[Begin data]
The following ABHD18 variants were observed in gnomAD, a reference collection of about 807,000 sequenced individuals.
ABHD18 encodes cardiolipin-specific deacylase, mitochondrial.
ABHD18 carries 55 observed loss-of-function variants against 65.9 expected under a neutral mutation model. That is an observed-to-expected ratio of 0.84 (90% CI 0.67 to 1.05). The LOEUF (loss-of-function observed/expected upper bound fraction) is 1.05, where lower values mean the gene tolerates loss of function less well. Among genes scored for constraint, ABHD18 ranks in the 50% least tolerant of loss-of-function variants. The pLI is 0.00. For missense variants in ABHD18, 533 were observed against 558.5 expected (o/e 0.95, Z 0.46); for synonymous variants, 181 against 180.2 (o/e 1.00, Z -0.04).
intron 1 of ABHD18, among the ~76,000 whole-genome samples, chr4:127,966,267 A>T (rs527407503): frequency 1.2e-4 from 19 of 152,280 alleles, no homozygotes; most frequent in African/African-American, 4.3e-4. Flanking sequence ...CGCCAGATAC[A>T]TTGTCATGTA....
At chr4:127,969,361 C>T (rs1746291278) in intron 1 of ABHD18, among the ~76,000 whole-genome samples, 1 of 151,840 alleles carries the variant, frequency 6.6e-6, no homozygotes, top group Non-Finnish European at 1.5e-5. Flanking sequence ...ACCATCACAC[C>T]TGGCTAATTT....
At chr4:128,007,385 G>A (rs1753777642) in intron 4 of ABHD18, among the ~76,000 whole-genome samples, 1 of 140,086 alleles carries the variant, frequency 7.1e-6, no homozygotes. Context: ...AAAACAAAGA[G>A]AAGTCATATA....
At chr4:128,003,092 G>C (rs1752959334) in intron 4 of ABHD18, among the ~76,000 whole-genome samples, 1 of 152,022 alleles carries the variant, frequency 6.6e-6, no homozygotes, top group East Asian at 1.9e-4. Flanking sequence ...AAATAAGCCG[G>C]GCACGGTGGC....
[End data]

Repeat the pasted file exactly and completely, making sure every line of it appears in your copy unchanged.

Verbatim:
The following ABHD18 variants were observed in gnomAD, a reference collection of about 807,000 sequenced individuals.
ABHD18 encodes cardiolipin-specific deacylase, mitochondrial.
ABHD18 carries 55 observed loss-of-function variants against 65.9 expected under a neutral mutation model. That is an observed-to-expected ratio of 0.84 (90% CI 0.67 to 1.05). The LOEUF (loss-of-function observed/expected upper bound fraction) is 1.05, where lower values mean the gene tolerates loss of function less well. Among genes scored for constraint, ABHD18 ranks in the 50% least tolerant of loss-of-function variants. The pLI is 0.00. For missense variants in ABHD18, 533 were observed against 558.5 expected (o/e 0.95, Z 0.46); for synonymous variants, 181 against 180.2 (o/e 1.00, Z -0.04).
intron 1 of ABHD18, among the ~76,000 whole-genome samples, chr4:127,966,267 A>T (rs527407503): frequency 1.2e-4 from 19 of 152,280 alleles, no homozygotes; most frequent in African/African-American, 4.3e-4. Flanking sequence ...CGCCAGATAC[A>T]TTGTCATGTA....
At chr4:127,969,361 C>T (rs1746291278) in intron 1 of ABHD18, among the ~76,000 whole-genome samples, 1 of 151,840 alleles carries the variant, frequency 6.6e-6, no homozygotes, top group Non-Finnish European at 1.5e-5. Flanking sequence ...ACCATCACAC[C>T]TGGCTAATTT....
At chr4:128,007,385 G>A (rs1753777642) in intron 4 of ABHD18, among the ~76,000 whole-genome samples, 1 of 140,086 alleles carries the variant, frequency 7.1e-6, no homozygotes. Context: ...AAAACAAAGA[G>A]AAGTCATATA....
At chr4:128,003,092 G>C (rs1752959334) in intron 4 of ABHD18, among the ~76,000 whole-genome samples, 1 of 152,022 alleles carries the variant, frequency 6.6e-6, no homozygotes, top group East Asian at 1.9e-4. Flanking sequence ...AAATAAGCCG[G>C]GCACGGTGGC....